No spoilers expected here. The script for this bout Saturday seems to be written in stone.
SAN DIEGO, September 16, 2016 – When you are a Mexican boxing superstar fighting in a main event on Mexican Independence Day weekend, your opponent hardly matters. Devoted fans will come out to support and salute you out of national pride.
Saul “Canelo” Alvarez of Mexico (47-1-1, 33 KOs) should send plenty of people home happy from AT&T Stadium in Arlington, Texas Saturday night after he faces Great Britain’s Liam “Beefy” Smith (23-0-1, 13 KOs). The fight will air on HBO Pay Per View starting at 9 p.m. ET/6 p.m. PT.
Alvarez has already proven himself a big draw in Texas, drawing 30,000 fans from both sides of the border for his bout last year with James Kirkland. Dallas Cowboys owner Jerry Jones and Golden Boy Promotions CEO Oscar De La Hoya both predict at least 45,000 fans will fill the stadium for this fight card, by far the largest audience for boxing in the U.S. in many years and a possible record at AT&T Stadium. The current record is 50,994 for the Manny Pacquiao vs. Joshua Clottey bout in 2010.
Smith, 28, is fighting in the United States for the first time. He is part of a wave of British boxing champions, the first from Liverpool in two decades. Smith comes from a boxing family. His youngest brother Callum has enjoyed the most success. His older siblings Paul and Stephen have failed to make significant opportunities pay off.
Smith has at least as much of a chance as his fellow countryman Amir Khan did in May against Alvarez: not a whole lot, but just enough to make things interesting. Smith will put his WBO junior middleweight title on the line against Alvarez, who is dropping one pound from his recent 155-pound catchweight fights to fight in the junior middleweight division proper.
Assuming Alvarez retains all his usual power at the lower weight (and can make the weight), he should be able to take Smith’s punches easily while he settles in for the first few rounds. Just as with Khan, he will let the smaller, faster man get out to an early start while patiently takes stock. When Canelo determines how to get to his opponent, he will unleash the kind of punching power that dropped Khan and James Kirkland before him.
Smith likes to come forward, so he’ll give Alvarez a target to hit. Whether he can dish out damage in return is the big question mark.
“I know Canelo is a very accurate puncher and has a great deal of variety in the ring,” said Smith. “Canelo isn’t a full light middleweight like I am, and that’s to my advantage. It feels very good to be on this big stage, and it’s one that I have asked to be on.
I am going to show everyone that I can fight at a high magnitude and hopefully I’ll gain some more fans once I beat Canelo.
“I’ve got the ability to out box him, and put him in his place. Just because the writers and the boxing critics label me as the underdog isn’t my motivation. My family and their support is the only one I need,” said Smith.
Smith’s home gym is owned by Amir Khan, but Smith says he hasn’t talked to him about his fight with Canelo because he already knows what Khan did well, and what Khan failed to do in the ring.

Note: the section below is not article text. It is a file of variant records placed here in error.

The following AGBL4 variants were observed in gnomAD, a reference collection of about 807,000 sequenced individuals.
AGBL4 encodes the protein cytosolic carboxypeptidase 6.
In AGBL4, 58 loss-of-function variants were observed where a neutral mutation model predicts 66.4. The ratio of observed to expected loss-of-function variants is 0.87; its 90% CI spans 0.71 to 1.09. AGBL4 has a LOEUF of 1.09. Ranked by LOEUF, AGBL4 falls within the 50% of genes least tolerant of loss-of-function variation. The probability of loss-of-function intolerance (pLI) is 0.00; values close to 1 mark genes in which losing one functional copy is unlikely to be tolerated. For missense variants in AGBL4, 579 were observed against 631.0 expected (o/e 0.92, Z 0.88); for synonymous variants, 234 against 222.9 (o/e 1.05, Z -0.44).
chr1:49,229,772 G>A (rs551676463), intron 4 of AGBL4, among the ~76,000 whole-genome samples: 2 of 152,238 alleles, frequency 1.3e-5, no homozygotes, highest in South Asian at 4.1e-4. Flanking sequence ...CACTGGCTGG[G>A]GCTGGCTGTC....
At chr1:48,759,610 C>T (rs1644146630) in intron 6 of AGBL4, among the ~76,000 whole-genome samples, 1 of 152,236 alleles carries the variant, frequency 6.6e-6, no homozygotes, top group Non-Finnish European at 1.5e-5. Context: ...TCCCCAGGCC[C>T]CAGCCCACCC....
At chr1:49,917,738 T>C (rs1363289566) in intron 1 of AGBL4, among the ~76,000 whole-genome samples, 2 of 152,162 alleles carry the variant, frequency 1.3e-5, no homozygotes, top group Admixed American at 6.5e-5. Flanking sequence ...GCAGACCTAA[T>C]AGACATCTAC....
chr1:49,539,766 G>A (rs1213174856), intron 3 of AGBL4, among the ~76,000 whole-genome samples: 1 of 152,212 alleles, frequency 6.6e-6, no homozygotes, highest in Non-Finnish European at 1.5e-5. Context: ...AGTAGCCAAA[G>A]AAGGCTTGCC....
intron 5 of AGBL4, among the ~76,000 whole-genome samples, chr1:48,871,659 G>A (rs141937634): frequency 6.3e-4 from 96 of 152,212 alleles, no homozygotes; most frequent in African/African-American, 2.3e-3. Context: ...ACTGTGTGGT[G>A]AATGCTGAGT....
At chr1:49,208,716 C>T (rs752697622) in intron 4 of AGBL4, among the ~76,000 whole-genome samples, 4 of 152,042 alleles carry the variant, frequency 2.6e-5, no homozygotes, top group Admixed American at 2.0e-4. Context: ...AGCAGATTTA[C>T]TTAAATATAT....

Despite being heavily favored, Alvarez appears to have trained diligently for this fight. “We know how dangerous and difficult Liam Smith will be. We have not taken him lightly and we know he will come to fight on Saturday,” said Alvarez.
Alvarez says he takes his responsibility to represent the rich history of Mexican boxing seriously. “Anyone who knows me understands how much my country means to me. I was born in Mexico, I live in Mexico, and I spend most of my down time in Mexico, as well. I grew up idolizing Mexican fighters of the previous generations.
“But I also realize I am still young and have to keep working to be known as one of the all-time greats of Mexican boxing. That is a major motivation for me.
“So I will continue to do what I have done since I was 15 years old: Take my training seriously, fight the best of the best and take nothing for granted. If I am lucky enough to be considered among the all-time greats of Mexican fighters, I will be extremely grateful,” said Alvarez.
It’s unlikely this will end up ranking among Alvarez’ top fights when we look back on the whole of his career, but a loss could seriously damage his legacy. Like Kell Brook did last weekend against Gennady Golovkin, the bold Liam Smith gets a lot of credit simply for getting into the ring with Alvarez, and a good showing even in a losing effort will help him gain favor in his introduction to American and Mexican boxing fans.
Ringside Seat will host a Live Online Fan Chat for Canelo vs. Smith including the televised undercards here on Communities Digital News Saturday starting at 9 p.m. ET/6 p.m. PT. Bookmark this story and we’ll see you here for all the action.
Gayle Lynn Falkenthal, APR, is President/Owner of the Falcon Valley Group in San Diego, California. She is also a serious boxing fan covering the Sweet Science for Communities. Read more Ringside Seat in Communities Digital News. Follow Gayle on Facebook and on Twitter @PRProSanDiego. Gayle can be reached via Google +
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